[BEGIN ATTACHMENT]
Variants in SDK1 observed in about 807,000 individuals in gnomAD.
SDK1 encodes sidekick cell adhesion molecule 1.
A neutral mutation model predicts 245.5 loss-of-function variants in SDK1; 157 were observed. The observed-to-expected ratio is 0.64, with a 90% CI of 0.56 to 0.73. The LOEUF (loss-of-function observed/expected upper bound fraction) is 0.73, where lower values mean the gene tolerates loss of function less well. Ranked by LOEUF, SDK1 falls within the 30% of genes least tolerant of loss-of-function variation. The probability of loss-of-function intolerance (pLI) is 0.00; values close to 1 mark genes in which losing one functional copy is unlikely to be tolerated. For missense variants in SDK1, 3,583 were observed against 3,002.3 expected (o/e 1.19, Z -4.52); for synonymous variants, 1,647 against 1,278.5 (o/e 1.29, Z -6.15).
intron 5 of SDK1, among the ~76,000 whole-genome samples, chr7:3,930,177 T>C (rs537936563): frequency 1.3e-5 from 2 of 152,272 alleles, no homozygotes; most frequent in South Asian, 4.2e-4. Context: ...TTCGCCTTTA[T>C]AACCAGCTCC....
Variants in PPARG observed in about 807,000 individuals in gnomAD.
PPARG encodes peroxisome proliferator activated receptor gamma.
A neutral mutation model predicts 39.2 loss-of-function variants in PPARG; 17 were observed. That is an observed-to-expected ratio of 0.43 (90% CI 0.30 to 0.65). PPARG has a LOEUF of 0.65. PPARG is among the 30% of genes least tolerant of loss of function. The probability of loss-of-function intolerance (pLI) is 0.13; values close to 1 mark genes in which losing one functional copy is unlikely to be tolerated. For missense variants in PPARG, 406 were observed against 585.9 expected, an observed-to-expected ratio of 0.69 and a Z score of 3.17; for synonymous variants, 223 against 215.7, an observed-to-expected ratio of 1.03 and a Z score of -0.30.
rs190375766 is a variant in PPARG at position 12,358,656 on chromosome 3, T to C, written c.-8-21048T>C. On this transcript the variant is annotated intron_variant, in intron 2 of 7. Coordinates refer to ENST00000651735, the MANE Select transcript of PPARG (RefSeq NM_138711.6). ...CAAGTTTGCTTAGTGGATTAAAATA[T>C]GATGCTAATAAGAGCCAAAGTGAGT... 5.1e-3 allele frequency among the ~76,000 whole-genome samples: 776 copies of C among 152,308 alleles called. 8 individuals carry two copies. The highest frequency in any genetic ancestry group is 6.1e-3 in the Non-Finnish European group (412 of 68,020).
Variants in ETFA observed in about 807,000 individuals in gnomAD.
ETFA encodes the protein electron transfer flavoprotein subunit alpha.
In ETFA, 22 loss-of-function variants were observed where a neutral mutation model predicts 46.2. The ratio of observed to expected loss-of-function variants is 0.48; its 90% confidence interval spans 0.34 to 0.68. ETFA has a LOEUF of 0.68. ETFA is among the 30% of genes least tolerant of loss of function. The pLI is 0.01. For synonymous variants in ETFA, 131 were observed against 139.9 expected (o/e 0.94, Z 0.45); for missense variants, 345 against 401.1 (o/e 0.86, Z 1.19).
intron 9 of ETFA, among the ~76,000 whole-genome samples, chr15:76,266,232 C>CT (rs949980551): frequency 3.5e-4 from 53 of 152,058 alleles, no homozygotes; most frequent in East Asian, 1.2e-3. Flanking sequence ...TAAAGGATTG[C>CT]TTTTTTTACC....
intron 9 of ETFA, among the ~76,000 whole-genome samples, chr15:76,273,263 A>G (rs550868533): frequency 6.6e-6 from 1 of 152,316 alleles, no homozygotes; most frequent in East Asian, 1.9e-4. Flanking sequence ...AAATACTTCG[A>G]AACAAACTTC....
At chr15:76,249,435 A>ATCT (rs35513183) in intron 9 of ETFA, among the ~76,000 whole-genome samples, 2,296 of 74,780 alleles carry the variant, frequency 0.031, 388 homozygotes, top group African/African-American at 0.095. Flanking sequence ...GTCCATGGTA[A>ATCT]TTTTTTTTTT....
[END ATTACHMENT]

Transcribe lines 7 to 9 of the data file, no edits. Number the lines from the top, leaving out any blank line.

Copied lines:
A neutral mutation model predicts 39.2 loss-of-function variants in PPARG; 17 were observed. That is an observed-to-expected ratio of 0.43 (90% CI 0.30 to 0.65). PPARG has a LOEUF of 0.65. PPARG is among the 30% of genes least tolerant of loss of function. The probability of loss-of-function intolerance (pLI) is 0.13; values close to 1 mark genes in which losing one functional copy is unlikely to be tolerated. For missense variants in PPARG, 406 were observed against 585.9 expected, an observed-to-expected ratio of 0.69 and a Z score of 3.17; for synonymous variants, 223 against 215.7, an observed-to-expected ratio of 1.03 and a Z score of -0.30.
rs190375766 is a variant in PPARG at position 12,358,656 on chromosome 3, T to C, written c.-8-21048T>C. On this transcript the variant is annotated intron_variant, in intron 2 of 7. Coordinates refer to ENST00000651735, the MANE Select transcript of PPARG (RefSeq NM_138711.6). ...CAAGTTTGCTTAGTGGATTAAAATA[T>C]GATGCTAATAAGAGCCAAAGTGAGT... 5.1e-3 allele frequency among the ~76,000 whole-genome samples: 776 copies of C among 152,308 alleles called. 8 individuals carry two copies. The highest frequency in any genetic ancestry group is 6.1e-3 in the Non-Finnish European group (412 of 68,020).
Variants in ETFA observed in about 807,000 individuals in gnomAD.